The Bucksport offense finally got going as the first period gave way to the second.
Starting at their 35 after the kickoff went out of bounds, the Golden Bucks marched 65 yards on 15 plays, using up 5:29 to seemingly get back in the game.
Big plays were a 4-yard rush from Smith on fourth-and-inches, an unsportsmanlike conduct penalty on the Clippers and a run by Smith to the 1 to set up first-and-goal. Smith capped the drive with a 1-yard plunge with 8:29 to play in the half and sophomore Josh Gray added the extra point to make it 21-7.
But any momentum the Golden Bucks appeared to have would disappear in seven seconds.
Overhaug took the ensuing kickoff at the 8 and took off for the races. He blew through the coverage and outraced the pursuit to the end zone and Yarmouth had delivered a knockout blow.
"I bobbled (the ball) a little bit, but I picked it up," said Overhaug. "There was a nice seam going straight ahead, then I cut across because I saw they were pursuing to the right more and it was wide open."
"That just broke their hearts," Hartman said. "They were pumped and that really hurt them. We spend a lot of time on special teams. It was perfect timing. It was a key play for us. They weren't going to stop him. He's a great kid."
Snyder's extra point made it 28-7 with 8:09 to play in the first half.
After Bucksport went three-and-out, the Clippers took over at their 29 with 6:35 to play before the half. It took only seven plays and 1:54 to score again.
Woodbury ran three straight times for a total of 24 yards. A 14-yard run by Uhl put the ball at the Golden Bucks' 30. After an incomplete pass, Overhaug did the rest, taking a pitch to the left, cutting back, then racing to paydirt for a 30-yard score. Snyder's point after was blocked, but Yarmouth was ahead 34-7 at the half.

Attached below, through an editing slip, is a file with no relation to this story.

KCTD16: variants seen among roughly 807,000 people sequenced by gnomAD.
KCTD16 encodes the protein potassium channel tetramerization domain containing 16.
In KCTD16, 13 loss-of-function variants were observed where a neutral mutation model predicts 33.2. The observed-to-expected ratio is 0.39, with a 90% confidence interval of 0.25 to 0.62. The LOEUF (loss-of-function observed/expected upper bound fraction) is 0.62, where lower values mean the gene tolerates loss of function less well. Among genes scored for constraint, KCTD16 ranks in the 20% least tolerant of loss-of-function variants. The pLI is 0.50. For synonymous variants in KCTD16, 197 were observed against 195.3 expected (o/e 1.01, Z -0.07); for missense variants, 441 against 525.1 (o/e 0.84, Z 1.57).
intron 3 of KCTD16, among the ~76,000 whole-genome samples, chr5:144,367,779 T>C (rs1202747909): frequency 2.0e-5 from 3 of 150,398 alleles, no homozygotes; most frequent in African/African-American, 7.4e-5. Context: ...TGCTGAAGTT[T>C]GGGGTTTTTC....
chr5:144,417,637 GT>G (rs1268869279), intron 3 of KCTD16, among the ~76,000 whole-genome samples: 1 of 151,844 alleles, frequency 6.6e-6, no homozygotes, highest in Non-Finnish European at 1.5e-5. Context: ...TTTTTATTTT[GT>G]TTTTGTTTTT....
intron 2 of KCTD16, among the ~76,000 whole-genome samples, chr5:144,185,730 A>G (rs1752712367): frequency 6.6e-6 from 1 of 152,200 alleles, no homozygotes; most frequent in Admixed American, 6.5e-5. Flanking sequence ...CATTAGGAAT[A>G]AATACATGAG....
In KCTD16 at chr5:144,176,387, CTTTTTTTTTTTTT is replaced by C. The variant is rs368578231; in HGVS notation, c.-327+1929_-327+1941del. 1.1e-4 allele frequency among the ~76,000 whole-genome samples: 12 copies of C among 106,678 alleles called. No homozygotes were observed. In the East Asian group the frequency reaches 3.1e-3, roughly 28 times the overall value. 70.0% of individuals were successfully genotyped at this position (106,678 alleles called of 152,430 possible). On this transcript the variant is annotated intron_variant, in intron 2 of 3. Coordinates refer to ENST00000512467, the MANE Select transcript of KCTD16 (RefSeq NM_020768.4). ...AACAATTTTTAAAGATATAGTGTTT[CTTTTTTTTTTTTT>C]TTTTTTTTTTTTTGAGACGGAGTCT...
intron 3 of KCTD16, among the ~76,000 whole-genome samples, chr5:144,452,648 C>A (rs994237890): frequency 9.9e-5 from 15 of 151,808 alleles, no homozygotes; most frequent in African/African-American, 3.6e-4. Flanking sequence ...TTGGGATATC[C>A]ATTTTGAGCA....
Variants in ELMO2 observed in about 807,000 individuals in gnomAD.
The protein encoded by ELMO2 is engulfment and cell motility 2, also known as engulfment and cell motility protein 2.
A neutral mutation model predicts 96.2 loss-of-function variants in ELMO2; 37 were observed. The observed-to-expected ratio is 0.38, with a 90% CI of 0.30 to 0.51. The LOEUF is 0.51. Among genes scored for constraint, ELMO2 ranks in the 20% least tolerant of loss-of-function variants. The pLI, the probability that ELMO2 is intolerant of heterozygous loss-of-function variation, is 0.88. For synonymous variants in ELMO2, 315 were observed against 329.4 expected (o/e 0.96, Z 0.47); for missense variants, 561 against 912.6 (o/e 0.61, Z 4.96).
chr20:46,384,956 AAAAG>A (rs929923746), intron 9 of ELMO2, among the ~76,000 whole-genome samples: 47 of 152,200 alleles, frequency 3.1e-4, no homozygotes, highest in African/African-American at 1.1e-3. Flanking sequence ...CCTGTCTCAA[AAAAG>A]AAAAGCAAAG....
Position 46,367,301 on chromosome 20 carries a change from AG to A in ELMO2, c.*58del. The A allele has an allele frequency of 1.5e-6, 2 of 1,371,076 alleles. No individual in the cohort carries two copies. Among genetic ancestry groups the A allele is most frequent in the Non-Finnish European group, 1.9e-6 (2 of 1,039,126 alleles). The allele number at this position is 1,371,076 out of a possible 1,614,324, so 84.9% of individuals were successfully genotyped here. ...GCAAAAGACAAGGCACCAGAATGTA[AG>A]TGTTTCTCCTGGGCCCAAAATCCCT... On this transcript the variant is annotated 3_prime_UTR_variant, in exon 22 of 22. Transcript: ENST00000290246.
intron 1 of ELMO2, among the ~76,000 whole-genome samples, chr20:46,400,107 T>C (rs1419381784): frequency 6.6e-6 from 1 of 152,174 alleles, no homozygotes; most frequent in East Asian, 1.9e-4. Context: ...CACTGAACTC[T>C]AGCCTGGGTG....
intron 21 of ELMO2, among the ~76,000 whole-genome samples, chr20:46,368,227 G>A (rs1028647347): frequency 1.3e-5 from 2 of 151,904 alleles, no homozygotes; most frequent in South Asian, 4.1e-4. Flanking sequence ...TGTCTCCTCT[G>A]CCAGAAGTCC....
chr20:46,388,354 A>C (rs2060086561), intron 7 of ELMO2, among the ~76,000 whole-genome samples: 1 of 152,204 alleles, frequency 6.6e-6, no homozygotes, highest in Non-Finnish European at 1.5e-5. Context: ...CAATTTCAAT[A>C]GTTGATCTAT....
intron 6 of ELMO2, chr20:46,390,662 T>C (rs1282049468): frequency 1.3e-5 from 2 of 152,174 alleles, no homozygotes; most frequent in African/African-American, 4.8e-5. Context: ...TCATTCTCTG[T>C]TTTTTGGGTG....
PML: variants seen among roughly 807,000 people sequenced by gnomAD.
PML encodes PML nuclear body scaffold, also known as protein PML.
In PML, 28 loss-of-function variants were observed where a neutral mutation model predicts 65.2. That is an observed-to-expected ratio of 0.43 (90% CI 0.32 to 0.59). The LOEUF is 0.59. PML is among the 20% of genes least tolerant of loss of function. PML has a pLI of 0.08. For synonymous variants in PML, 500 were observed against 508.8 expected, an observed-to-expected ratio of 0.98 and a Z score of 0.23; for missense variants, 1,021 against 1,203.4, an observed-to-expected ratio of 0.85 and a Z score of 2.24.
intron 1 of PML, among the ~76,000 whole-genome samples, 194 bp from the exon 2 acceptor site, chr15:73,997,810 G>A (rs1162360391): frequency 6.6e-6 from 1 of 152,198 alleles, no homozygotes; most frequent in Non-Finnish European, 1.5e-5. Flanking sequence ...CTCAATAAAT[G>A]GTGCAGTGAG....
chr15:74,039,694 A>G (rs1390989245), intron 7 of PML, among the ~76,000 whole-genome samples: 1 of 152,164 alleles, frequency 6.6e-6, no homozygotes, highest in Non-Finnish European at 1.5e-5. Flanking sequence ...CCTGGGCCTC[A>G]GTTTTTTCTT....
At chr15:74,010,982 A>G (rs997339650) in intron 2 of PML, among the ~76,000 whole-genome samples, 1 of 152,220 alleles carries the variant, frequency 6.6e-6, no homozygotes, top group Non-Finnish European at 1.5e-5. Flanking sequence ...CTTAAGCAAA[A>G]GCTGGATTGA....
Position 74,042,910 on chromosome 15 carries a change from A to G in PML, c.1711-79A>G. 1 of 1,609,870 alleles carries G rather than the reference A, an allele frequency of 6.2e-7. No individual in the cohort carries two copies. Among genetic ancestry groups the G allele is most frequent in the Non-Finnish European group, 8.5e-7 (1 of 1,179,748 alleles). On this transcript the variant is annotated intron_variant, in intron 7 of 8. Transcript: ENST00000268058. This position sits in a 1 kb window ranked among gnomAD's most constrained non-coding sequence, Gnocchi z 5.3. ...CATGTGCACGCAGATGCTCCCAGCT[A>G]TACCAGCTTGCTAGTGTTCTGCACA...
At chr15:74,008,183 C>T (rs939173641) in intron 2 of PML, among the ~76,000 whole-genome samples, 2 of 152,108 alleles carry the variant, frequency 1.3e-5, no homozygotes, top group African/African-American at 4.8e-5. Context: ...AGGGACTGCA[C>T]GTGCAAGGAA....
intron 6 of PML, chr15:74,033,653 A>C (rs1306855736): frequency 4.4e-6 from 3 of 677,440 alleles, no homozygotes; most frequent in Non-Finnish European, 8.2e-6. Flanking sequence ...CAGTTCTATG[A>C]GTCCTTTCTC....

The Clippers got the ball first in the second half and got good field position after recovering an on-sides kick, but the drive stalled at the Bucksport 20.
After the Golden Bucks went three-and-out (Gray had to replace Cummings at quarterback after Cummings left with an injured hand), Yarmouth began at the Bucksport 39 after a short punt and drove for another score.
It took 10 plays to traverse the 39 yards. With 2:47 to go in the quarter, Overhaug barreled in from the 1 and Snyder's extra point made it 41-7.
The Golden Bucks scored the game's final points when Gray broke free for a 55-yard TD run with 2:50 to play. Gray added the point-after to cut the deficit to 41-14.
Yarmouth gave the ball back on a fumble, but Bucksport ran out of time and the Clippers were able to celebrate the 41-14 win.